I received some sad news over the weekend that my friend Greg Winlaw passed away earlier this month.
I'm upset with myself because the last time I saw Greg was three years ago on his 53rd birthday. I was given a chance to reconnect with Greg just as the pandemic started and had meant to send him a letter, but I kept putting it off, and now it's too late.
This is yet another example of why we should take every opportunity we have to tell the people we care about how much they mean to us.
Greg was one of many special needs adults I supported in our community. I worked with Greg for just over six years, and while I began as just one of his Life Skills Workers, I'm glad to say we became friends.
Greg was a wonderful man with some very complex healthcare needs. He always challenged me to be my best, because when Greg was struggling with his illness, he needed his support staff to be at 150% or better.
Greg taught me a lot about compassion and the importance of seeing beyond a person's illness to see the person deserving of dignity, love and respect even when they are at their worst.
In my former line of work, physical affection, such as hugging the individuals we supported was against company policy and not allowed.
A memory that stands out for me was just after Greg's dad had passed away. I could see Greg was struggling. I asked him if he was ok and he said in a very quiet voice that he missed his dad and asked if he could have a hug.
Imagine, he actually had to ask if he was allowed to have a hug. I was brought to tears and you can damn well believe I gave him a hug and held him tight.
Working with Greg wasn't easy, and I know there were times I was mad at him. I really had to struggle to see past his disease, and somehow I found it in me to do so.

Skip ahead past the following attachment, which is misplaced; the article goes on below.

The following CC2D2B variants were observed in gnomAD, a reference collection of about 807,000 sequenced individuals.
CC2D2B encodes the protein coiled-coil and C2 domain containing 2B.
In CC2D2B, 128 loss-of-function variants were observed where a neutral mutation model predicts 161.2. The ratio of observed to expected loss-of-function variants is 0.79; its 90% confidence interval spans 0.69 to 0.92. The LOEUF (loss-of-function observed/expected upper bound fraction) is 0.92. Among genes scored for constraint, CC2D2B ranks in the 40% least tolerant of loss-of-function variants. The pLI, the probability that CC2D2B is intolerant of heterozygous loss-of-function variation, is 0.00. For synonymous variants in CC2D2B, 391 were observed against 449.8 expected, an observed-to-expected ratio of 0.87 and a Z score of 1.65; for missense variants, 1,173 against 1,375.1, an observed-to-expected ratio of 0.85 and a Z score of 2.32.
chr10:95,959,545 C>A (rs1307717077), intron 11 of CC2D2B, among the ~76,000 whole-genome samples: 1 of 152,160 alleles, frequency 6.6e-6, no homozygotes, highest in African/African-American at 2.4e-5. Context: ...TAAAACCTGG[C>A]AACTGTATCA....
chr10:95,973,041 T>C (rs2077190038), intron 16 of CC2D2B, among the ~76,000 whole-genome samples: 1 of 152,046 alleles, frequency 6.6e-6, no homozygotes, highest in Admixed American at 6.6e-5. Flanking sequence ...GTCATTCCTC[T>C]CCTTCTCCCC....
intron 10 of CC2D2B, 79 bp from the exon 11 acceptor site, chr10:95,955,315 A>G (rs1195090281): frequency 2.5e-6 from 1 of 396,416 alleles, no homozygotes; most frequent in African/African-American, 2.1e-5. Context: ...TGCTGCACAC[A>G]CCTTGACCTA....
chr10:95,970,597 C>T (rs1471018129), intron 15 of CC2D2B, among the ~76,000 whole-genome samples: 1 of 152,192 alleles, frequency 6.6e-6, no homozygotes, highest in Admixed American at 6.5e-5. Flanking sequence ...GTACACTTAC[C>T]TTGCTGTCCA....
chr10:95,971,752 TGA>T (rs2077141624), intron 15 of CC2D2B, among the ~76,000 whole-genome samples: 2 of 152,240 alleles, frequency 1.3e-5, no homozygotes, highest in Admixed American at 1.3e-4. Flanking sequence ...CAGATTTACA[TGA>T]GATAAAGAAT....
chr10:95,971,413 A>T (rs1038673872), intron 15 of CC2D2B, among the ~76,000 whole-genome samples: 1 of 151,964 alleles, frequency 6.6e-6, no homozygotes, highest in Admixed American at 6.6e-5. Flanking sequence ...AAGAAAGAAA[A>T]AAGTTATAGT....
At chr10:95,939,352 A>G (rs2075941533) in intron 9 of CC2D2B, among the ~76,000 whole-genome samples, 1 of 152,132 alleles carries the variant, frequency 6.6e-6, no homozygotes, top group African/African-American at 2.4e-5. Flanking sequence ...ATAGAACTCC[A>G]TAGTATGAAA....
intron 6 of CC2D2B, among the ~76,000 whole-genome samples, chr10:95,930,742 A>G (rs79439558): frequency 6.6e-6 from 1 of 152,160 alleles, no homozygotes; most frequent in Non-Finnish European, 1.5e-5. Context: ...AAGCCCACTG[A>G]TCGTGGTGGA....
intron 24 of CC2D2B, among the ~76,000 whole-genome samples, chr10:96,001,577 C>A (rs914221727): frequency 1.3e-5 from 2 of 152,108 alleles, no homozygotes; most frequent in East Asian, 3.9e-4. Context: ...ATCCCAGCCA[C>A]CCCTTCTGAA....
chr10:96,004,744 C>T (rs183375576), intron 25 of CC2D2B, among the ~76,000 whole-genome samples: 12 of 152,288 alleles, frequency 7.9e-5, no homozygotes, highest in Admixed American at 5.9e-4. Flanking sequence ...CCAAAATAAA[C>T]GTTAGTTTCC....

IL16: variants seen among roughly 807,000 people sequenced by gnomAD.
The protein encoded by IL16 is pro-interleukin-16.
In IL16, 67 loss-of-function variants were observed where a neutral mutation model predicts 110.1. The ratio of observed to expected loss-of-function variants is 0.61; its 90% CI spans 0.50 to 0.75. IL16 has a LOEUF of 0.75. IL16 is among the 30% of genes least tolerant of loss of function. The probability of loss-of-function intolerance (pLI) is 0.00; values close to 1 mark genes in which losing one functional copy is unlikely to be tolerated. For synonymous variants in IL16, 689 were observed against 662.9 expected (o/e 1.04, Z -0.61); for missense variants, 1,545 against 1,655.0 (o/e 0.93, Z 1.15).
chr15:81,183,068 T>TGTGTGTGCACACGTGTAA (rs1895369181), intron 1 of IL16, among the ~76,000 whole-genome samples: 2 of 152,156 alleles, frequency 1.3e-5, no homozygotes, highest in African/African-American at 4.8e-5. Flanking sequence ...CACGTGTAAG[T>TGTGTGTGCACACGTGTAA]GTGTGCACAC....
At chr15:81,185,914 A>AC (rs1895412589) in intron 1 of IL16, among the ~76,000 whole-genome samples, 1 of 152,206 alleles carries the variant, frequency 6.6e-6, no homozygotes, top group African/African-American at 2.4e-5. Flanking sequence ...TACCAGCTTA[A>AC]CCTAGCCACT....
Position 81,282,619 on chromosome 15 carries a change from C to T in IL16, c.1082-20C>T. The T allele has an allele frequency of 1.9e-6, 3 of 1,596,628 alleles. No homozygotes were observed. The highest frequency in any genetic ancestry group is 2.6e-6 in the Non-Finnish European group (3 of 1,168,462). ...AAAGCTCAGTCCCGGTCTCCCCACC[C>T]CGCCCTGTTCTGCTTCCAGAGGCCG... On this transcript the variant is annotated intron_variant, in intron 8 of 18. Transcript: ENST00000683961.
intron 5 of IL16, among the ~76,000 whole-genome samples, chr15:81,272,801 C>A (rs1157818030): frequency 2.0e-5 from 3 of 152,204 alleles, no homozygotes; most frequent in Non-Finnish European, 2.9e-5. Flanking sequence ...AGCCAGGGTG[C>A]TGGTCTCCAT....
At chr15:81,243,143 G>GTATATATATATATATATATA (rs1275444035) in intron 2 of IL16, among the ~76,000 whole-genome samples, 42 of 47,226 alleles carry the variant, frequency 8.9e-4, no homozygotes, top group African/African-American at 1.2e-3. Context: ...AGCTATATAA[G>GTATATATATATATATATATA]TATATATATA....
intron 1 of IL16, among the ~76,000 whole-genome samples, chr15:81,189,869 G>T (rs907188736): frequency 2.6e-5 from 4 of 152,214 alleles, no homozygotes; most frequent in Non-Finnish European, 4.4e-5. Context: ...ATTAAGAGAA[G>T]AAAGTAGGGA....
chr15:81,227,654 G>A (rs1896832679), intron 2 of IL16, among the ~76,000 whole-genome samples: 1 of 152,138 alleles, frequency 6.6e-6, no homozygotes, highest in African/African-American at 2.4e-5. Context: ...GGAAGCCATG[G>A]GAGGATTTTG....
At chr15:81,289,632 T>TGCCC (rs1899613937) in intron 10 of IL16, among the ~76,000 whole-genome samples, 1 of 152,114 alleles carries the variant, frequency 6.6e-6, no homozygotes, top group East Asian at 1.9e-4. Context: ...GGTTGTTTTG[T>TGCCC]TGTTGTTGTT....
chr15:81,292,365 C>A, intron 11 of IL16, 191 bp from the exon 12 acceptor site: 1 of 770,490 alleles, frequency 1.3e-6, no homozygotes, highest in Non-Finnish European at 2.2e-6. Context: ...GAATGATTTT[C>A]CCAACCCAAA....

I remember once during a particularly stressful time, Greg just looked at me and said "You're a good man. I like you." These simple words coming from Greg meant the world to me.
In the last two years I supported Greg, he was in and out of hospital with pneumonia. It was during this time I became a fierce advocate for Greg because to most of the nursing staff Greg was just another difficult patient.
Greg came very close to death while in hospital. He almost died in front of me twice, and yet he fought to live. I have never known anyone with such a strong will to live. I think it was during this time that I came to love Greg, and on the last day I saw him in hospital, I told him this.
Greg probably had the worst set of cards dealt to him that anyone could have asked for. Throughout all the challenges in his life, Greg kept a brave face and made the most of every opportunity he was given. He loved his family and friends fiercely.
I will never forget Greg and the life lessons he taught me.
Greg, I'm sorry we drifted apart, but I want to thank you for allowing me to be part of your life and for what you taught me.
Rest in peace, and we'll meet again some day.
Rob Bottos, Coquitlam